As a single-source solution for engineering, architecture, construction inspection and support and permitting, CRB has grown to serve pharmaceutical, biotech and industrial clients. “Regardless of the size or type of project, CRB works as a team with the owner, contractors, suppliers and construction managers to make the project a success,” adds Forester. “We’ve established a culture of integrity, loyalty, determination, enthusiasm and dedication to client satisfaction.”
CRB’s reputation has allowed the company to prevail in a market that for years was rapidly growing, but now slowly depleting. “In the 1950s the U.S. and Puerto Rican government started to try to develop Puerto Rico’s economy,” recalls Forester. “Because Puerto Rico is a U.S. territory, the federal government had an interest in promoting growth and began giving special tax incentives to companies willing to move their manufacturing operations here.”
Forester goes on to note that the island was very poor in the 1930s and 1940s, until the U.S. and local governments started the incentive program. “From 1954 to 1964 Puerto Rico exploded with economic growth with 300 new factories,” he continues. “Unfortunately, the federal government put expiration on the section 936 tax incentives in 1995 that ended in 2005. Up until the 1990s, everything was booming, but it started to shrink after 2006.”
According to PIA, the pharmaceutical industry still represents approximately 57 percent of all exported commodities in Puerto Rico, but more and more companies are finding it too costly to keep the doors open. “No one will put a factory here unless there’s a real advantage in cost,” explains Forester. “Shipping off the island is expensive so you can’t tax a company here like you would in the U.S.”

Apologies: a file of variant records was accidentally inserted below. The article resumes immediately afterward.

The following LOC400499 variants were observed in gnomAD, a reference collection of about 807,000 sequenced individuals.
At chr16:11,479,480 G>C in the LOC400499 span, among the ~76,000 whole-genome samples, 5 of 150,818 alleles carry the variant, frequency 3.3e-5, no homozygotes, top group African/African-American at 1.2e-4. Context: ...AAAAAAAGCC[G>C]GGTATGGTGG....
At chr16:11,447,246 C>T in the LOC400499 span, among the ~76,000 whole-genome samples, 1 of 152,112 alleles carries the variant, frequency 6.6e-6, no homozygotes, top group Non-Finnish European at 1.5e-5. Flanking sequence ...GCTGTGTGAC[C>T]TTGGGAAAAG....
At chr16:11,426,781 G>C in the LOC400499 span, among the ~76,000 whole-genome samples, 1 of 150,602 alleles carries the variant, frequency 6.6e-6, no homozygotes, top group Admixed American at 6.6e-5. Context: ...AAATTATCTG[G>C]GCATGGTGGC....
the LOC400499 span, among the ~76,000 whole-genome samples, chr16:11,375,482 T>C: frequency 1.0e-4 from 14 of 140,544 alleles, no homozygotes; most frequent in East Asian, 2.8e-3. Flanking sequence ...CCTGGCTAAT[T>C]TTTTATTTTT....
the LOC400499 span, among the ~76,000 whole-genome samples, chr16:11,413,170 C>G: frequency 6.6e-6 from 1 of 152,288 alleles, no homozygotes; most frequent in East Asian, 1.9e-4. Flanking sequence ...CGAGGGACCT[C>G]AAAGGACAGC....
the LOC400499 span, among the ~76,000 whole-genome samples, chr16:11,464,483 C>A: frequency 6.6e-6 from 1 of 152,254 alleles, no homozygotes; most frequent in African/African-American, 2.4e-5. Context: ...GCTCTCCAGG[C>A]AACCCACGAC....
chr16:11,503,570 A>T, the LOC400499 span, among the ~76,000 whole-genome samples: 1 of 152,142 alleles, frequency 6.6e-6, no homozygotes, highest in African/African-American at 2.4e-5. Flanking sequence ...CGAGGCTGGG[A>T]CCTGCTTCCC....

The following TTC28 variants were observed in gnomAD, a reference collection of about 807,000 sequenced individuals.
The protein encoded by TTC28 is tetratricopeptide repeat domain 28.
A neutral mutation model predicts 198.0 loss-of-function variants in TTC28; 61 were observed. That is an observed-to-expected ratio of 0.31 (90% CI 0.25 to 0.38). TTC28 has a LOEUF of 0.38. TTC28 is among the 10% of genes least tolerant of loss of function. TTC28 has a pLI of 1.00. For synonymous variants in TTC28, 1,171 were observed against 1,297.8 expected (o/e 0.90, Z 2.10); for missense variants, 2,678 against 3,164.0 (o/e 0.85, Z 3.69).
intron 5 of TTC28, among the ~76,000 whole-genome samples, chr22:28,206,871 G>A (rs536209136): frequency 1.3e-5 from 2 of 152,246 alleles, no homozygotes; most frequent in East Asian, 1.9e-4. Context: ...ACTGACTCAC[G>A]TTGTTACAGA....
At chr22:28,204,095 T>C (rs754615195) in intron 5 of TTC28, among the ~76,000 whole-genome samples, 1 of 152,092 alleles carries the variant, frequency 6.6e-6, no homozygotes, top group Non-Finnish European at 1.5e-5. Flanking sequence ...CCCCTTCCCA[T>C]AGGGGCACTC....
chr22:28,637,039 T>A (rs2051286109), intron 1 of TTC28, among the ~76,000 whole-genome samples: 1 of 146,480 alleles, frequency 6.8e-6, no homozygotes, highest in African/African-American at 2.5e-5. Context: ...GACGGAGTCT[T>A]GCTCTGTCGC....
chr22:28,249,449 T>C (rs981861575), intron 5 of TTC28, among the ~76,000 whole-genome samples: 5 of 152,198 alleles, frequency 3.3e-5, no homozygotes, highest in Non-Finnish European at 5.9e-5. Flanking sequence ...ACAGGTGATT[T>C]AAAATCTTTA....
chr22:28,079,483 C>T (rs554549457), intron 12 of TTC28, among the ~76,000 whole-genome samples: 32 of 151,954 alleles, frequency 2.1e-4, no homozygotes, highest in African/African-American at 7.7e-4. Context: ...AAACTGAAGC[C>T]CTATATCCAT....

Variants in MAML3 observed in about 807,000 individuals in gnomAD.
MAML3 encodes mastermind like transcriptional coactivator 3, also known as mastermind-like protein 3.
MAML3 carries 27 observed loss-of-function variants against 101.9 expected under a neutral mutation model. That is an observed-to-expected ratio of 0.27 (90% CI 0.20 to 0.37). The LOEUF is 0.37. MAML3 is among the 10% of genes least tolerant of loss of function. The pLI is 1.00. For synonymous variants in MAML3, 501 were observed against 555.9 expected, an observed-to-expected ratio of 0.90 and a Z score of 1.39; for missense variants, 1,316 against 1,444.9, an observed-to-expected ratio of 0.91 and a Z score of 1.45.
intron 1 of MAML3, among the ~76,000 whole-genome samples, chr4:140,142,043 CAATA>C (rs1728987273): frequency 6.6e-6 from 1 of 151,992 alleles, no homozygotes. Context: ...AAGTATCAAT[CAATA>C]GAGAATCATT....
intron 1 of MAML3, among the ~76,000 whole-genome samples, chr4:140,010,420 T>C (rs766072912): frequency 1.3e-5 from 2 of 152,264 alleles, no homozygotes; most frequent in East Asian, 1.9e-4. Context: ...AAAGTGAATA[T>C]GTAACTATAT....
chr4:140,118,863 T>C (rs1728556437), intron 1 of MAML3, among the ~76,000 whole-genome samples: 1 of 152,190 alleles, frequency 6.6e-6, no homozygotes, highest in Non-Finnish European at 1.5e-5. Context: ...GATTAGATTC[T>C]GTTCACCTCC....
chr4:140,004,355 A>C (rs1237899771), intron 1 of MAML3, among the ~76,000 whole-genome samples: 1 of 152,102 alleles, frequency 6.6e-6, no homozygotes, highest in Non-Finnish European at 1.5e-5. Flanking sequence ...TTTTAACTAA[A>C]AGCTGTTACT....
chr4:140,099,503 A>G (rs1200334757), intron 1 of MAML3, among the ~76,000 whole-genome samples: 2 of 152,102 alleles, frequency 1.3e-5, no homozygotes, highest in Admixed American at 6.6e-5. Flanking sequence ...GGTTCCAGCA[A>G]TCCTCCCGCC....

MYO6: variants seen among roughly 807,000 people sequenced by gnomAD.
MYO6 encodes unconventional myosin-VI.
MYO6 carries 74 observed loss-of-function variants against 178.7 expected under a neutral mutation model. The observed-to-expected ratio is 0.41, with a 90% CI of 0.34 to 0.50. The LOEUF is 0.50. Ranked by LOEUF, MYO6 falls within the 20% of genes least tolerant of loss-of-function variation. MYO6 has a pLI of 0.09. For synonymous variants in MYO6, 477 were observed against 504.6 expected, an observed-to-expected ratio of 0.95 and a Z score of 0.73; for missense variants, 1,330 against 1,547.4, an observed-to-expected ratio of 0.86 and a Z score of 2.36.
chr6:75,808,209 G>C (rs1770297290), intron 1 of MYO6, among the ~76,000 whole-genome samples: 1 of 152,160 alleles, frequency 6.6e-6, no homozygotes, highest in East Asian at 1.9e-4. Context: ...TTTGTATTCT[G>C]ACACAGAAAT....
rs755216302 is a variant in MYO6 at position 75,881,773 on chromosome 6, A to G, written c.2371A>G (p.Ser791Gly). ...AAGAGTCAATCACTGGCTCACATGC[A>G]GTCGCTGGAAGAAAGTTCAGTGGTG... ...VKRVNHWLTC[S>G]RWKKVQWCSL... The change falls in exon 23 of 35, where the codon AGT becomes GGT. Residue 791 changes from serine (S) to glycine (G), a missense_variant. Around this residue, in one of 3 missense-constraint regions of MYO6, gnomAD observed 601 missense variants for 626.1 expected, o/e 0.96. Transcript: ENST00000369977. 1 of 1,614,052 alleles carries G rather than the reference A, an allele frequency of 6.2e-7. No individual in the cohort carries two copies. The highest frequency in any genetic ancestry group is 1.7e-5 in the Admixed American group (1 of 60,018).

Despite the pinch on the pharmaceutical industry, Forester says CRB remains a strong player in what remains. “We’re one of the strongest offices on the island and most of that is thanks to our people and technology,” he notes. “We complete full 3-D rivet designs, as well as structural and seismic analysis. Our technology is strong so every time the market shrinks, we get a bigger share and we’re bumping out other people. We’ve prevailed thanks to repeat business and we’re going overseas for work throughout the Caribbean and into Mexico and Central America to be geographically diversified.”
According to Forester, the company’s best local market remains in the private sector in biopharmaceuticals. “I think there’s still quite a bit of work in the next few years, but it’s going to tapper down if the federal government doesn’t help sustain the economy,” he continues.
Forester says he takes great pride in furthering the island’s economy. “We’re proud to deliver projects that are helping to employ thousands of Puerto Ricans,” he shares. After 10 years, CRB Caribe LLP continues to be the island’s trusted single-source solution for full engineering and architectural design, permitting, contrition inspection and construction support services.